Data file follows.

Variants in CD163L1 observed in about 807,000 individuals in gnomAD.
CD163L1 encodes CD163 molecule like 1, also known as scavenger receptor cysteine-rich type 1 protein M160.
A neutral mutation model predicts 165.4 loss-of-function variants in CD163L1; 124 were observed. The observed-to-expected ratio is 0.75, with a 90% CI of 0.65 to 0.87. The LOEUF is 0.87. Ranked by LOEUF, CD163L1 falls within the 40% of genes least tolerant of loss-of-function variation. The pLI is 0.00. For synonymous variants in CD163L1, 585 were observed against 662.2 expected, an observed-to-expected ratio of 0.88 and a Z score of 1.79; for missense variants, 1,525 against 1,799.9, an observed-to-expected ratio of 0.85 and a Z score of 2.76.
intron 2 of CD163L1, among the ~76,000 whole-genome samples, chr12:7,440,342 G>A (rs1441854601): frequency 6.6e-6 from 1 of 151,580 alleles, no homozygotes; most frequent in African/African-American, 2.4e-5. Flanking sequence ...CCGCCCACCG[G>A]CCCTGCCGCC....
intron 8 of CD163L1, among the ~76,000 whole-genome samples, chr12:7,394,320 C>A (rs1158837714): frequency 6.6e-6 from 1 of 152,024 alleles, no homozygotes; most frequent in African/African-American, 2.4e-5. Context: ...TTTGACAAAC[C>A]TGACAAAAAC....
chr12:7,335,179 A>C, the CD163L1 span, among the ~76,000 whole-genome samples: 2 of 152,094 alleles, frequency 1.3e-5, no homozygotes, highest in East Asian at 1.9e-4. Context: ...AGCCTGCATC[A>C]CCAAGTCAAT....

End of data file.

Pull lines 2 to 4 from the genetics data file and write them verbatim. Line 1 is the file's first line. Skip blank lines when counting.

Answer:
CD163L1 encodes CD163 molecule like 1, also known as scavenger receptor cysteine-rich type 1 protein M160.
A neutral mutation model predicts 165.4 loss-of-function variants in CD163L1; 124 were observed. The observed-to-expected ratio is 0.75, with a 90% CI of 0.65 to 0.87. The LOEUF is 0.87. Ranked by LOEUF, CD163L1 falls within the 40% of genes least tolerant of loss-of-function variation. The pLI is 0.00. For synonymous variants in CD163L1, 585 were observed against 662.2 expected, an observed-to-expected ratio of 0.88 and a Z score of 1.79; for missense variants, 1,525 against 1,799.9, an observed-to-expected ratio of 0.85 and a Z score of 2.76.
intron 2 of CD163L1, among the ~76,000 whole-genome samples, chr12:7,440,342 G>A (rs1441854601): frequency 6.6e-6 from 1 of 151,580 alleles, no homozygotes; most frequent in African/African-American, 2.4e-5. Flanking sequence ...CCGCCCACCG[G>A]CCCTGCCGCC....